Bitcoin awaits the release of U.S. data that’s expected to show the world’s largest economy narrowly avoided entering a recession in the second quarter, having drawn relief from Federal Reserve (Fed) messaging on Wednesday.
The U.S. Bureau of Economic Analysis’ initial reading of second-quarter gross domestic product, due at 12:30 UTC (08:30 EST), is expected to show the economy grew at a 0.5% annualized rate, rebounding from the first quarter’s 1.6% contraction, according to FXStreet.
The data is pivotal as it would reveal the damage caused by inflation at a 40-year high and could inject volatility into markets. Big data releases like GDP and inflation have become more market-moving than ever, with the central bank ditching forward guidance on Wednesday and making future policy moves ultimately data-dependent. The Fed defines forward guidance as “a tool that central banks use to provide communication to the public about the likely future course of monetary policy.”
Risk assets, including bitcoin, could rally if GDP unexpectedly contracts for a second straight quarter, confirming a technical recession. A recession would bolster investors’ expectations of slower interest-rate increases and eventual easing of constraints on money supply.
“Powell keeps saying ‘data dependent,’ which is a sign that they are worrying about recession and if one prints, they may back off hikes or QT [quantitative tightening or balance sheet runoff],” VBL, a pseudonymous trader and author of the popular GoldFix & Bitcoin newsletter and podcast, wrote in the Fed review published Wednesday.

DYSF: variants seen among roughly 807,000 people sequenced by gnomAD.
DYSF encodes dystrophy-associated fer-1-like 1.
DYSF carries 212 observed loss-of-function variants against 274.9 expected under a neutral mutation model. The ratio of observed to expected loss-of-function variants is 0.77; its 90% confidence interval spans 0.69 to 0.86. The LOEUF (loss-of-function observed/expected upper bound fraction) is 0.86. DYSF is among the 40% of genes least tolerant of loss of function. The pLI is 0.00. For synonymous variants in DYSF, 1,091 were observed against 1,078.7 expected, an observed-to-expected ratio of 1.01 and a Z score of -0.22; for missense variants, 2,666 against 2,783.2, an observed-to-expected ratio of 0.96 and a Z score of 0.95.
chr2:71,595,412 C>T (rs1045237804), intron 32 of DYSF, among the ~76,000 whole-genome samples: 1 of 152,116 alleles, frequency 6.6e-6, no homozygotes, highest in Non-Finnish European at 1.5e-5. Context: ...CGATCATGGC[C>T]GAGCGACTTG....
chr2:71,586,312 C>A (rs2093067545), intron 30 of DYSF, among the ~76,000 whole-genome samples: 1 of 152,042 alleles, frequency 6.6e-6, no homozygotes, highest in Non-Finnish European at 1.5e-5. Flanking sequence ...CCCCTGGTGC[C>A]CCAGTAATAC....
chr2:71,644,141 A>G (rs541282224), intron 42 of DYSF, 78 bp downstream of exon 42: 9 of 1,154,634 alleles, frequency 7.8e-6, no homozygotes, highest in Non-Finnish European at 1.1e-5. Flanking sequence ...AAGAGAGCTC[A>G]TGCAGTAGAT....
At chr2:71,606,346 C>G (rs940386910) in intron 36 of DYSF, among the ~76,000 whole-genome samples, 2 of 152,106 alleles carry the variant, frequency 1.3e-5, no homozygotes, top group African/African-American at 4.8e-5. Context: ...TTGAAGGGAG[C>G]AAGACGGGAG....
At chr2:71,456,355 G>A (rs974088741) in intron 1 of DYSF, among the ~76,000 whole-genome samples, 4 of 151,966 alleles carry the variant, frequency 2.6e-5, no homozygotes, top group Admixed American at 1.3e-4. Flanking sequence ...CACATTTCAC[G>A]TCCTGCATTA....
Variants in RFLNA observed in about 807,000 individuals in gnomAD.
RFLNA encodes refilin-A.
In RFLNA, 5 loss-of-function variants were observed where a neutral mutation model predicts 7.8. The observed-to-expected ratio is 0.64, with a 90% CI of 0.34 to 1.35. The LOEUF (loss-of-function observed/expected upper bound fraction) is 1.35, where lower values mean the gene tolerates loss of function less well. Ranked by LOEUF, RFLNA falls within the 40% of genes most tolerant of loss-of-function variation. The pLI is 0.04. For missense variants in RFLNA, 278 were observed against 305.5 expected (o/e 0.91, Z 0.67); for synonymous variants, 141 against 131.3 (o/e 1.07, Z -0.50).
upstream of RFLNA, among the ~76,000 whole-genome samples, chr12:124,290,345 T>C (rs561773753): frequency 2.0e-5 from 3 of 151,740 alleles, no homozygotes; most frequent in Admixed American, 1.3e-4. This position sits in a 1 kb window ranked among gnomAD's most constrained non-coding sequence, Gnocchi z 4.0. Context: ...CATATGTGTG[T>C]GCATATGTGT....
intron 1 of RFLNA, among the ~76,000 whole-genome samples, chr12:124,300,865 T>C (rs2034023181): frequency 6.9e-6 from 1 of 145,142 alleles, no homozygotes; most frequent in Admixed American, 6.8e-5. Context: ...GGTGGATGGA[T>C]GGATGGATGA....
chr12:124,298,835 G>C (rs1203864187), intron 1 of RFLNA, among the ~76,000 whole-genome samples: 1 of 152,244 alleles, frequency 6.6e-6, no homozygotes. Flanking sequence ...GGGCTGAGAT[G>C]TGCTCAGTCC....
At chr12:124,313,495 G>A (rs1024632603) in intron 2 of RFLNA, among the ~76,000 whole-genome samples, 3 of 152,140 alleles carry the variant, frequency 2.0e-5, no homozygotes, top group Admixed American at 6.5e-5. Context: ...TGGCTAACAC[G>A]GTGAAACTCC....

“GDP is out this week. If that comes in negative or just very weak, stocks could really really rally. This will signal a recession, the Fed will not talk as much, and stocks may ramp higher until the Fed does talk,” VBL said. Bitcoin tends to move in tandem with stocks.
GDP estimates could be underestimating the second-quarter growth rate, however, because the survey was conducted before Wednesday data that showed a narrower goods-trade deficit and an increase in the core capital goods orders in June. Both the trade deficit and core capital goods are components of GDP.
At press time, markets seem convinced that the Fed will opt for slower increases in the coming months. “The immediate priority is getting a grip on inflation, but we think the Fed will switch to 50bp hikes at the September and November FOMC meetings with a final 25bp hike in December,” analysts at ING noted in comments posted after the Fed decision.
Risk assets surged on Monday after Fed Chair Jerome Powell said the central bank would likely need to slow the rate increases at some point. The policy statement acknowledged the recent softening in consumer spending and production. Powell’s comments overshadowed the second-consecutive 75 basis point rate hike.
Bitcoin jumped 8% Wednesday, its biggest single-day percentage gain since June 19. The move appears to have opened doors for continued bullish action.
“Nice uptick on Bitcoin after the FOMC raise rates by 75 bps, meeting expectations,” Secure Digital Markets, a Toronto-based digital assets brokerage, said in a Telegram-based research channel. “Technically, we are seeing a very clean breakout to the upside, which started ahead of the data, seeing institutions taking heavy positions on the back of a more dovish FED stance.”
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